08 October 2006

[design] Illustrator: It's Not Just For Breakfast Anymore

One of the things I love reading about is how other creatives use thier tools. The things they use them for gives an exceptional insight in how flexible and liberating these digital applications are.

What caught my eye today was the way a local blogger, Terry Grant, uses Illy to aid and abet her quilting. I myself in the past have done drawings and I have a big drawing desk that's still on of my most inspiring pieces of furniture; just sitting down in front of it is enough to get the creative juices flowing. And, when I'm in full effect, I have my drawing affixed to it and reference drawings taped up and scattered about the edges. The way she uses layers to hold reference drawings reminds me very much of this.

Terry also sagely assays a very big reason why vector drawing programs, such as Illy, are essential to the digital creative artist. From her blog entry:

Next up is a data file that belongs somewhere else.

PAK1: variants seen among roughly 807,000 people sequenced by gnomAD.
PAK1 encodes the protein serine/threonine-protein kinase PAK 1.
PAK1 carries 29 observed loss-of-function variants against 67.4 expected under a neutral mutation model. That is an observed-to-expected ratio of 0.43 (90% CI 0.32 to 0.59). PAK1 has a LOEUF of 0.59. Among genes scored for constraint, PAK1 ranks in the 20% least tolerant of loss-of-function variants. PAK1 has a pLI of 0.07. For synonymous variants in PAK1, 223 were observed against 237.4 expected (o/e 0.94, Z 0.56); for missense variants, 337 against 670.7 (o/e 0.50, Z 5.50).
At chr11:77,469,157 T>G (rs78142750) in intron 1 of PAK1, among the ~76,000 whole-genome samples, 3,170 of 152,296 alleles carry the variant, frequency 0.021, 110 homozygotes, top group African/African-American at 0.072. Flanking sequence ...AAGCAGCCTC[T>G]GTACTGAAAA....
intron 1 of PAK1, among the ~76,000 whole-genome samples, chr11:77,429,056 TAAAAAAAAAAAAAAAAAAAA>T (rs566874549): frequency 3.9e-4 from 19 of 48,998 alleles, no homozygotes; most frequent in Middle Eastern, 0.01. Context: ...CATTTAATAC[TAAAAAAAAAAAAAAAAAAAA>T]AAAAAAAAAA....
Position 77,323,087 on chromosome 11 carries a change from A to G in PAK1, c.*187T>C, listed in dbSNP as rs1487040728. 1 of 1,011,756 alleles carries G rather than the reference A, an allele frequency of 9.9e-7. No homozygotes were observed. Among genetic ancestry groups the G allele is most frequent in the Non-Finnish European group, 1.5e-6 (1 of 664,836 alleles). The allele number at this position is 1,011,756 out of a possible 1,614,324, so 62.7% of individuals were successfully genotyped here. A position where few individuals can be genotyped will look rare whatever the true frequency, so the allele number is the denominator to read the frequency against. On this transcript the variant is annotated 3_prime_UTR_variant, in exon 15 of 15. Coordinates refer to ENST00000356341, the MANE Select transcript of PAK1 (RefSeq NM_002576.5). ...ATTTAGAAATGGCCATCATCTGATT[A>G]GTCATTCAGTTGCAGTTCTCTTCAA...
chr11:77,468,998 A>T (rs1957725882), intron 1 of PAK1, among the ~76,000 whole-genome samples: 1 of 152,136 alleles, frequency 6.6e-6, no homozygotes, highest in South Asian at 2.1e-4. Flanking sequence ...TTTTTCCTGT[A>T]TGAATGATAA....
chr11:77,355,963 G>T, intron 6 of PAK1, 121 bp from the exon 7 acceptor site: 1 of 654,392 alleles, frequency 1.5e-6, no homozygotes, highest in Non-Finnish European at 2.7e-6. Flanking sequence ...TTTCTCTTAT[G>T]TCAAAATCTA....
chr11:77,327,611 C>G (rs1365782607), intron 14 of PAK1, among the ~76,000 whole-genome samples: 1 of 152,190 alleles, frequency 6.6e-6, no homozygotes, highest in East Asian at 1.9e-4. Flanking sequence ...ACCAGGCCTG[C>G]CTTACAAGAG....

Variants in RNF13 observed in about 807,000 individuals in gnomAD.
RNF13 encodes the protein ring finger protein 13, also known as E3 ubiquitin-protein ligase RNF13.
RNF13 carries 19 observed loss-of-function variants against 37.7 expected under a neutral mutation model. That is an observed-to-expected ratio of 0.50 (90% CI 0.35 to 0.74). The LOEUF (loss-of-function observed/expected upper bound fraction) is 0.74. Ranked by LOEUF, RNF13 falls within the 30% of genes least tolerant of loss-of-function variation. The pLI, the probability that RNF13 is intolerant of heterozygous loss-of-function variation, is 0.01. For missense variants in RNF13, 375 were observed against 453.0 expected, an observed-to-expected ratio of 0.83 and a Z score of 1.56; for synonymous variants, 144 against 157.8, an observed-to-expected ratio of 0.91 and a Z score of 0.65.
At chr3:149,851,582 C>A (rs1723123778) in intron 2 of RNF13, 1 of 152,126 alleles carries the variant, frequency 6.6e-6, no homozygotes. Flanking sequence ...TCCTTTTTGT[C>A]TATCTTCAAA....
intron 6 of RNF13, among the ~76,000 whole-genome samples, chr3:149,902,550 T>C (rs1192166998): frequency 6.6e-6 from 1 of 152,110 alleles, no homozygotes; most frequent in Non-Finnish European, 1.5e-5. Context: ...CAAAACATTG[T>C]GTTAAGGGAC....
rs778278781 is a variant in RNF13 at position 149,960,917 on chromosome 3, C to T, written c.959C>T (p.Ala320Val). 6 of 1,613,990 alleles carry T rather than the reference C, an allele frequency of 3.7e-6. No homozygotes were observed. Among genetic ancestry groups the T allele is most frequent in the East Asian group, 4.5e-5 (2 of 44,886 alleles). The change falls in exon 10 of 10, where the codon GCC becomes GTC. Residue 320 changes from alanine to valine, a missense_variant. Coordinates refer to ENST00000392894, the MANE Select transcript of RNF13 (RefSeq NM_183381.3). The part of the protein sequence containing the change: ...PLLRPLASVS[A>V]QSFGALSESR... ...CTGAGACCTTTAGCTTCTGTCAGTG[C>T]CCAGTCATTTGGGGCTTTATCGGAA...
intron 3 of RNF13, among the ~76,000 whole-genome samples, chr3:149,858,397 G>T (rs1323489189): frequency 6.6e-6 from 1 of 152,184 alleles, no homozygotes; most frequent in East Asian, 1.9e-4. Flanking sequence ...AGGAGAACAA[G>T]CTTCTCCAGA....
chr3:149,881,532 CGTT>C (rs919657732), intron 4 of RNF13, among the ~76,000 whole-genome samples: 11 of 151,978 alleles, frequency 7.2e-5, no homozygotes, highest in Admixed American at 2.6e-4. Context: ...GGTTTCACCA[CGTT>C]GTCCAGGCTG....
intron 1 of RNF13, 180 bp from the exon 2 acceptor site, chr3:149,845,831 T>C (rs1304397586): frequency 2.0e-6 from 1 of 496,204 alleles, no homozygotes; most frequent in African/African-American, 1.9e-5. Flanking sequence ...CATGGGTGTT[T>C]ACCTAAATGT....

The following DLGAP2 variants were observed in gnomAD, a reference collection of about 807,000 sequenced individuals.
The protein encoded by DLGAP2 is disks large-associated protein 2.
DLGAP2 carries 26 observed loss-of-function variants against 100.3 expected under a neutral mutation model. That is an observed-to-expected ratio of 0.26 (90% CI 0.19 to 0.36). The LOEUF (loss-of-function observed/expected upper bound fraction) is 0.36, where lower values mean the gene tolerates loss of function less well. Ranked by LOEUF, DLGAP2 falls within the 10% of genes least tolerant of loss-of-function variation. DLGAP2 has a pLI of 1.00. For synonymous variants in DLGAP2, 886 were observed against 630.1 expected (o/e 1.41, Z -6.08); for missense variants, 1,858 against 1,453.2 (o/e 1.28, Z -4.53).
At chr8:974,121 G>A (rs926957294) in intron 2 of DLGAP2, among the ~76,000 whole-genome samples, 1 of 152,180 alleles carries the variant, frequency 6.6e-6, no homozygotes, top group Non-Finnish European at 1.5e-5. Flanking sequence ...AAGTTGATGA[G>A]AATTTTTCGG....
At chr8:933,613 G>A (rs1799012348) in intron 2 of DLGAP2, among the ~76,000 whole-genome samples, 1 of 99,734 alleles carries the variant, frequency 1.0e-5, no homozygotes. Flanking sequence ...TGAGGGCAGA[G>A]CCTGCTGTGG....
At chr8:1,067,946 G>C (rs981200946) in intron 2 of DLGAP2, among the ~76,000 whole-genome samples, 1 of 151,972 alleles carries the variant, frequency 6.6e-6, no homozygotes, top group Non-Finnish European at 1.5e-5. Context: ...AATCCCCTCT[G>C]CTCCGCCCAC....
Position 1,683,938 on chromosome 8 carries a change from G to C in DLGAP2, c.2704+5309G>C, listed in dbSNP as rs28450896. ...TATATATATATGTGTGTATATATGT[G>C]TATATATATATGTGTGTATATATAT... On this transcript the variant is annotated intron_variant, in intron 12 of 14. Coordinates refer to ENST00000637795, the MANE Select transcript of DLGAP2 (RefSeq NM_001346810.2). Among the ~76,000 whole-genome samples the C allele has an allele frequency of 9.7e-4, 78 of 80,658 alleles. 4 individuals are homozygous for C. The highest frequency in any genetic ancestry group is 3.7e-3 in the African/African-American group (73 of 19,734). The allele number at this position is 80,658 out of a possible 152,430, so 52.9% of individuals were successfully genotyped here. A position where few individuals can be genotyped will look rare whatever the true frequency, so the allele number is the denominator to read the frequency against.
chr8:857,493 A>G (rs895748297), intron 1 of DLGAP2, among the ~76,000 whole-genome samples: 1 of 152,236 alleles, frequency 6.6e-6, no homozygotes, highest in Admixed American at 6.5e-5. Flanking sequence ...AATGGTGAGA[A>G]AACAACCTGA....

I enlarged my drawing to the size I wanted it. (That's a great thing about Illustrator—it is a vector image that can be enlarged to whatever size you want with no loss of quality)
This is an important point. While pixel-oriented editors such as Photoshop (for the high end), PaintShop Pro (for the middle) and even lowly MS Paint (for the tyro) are very capable programs, enlarging parts of those drawings also enlarges the pixels they are made up of, rendering your enlargment blocky. Vector drawings, on the other hand, are made up of paths, and are stored as x,y coordinates with an equation that tells the program how to draw the line that connects the two. That means that no matter how you scale the object in question (or zoom in), a resolution-independent line with the proper attributes is simply redrawn by the software with no pixelation.

Read Terry's blog entry via this link.

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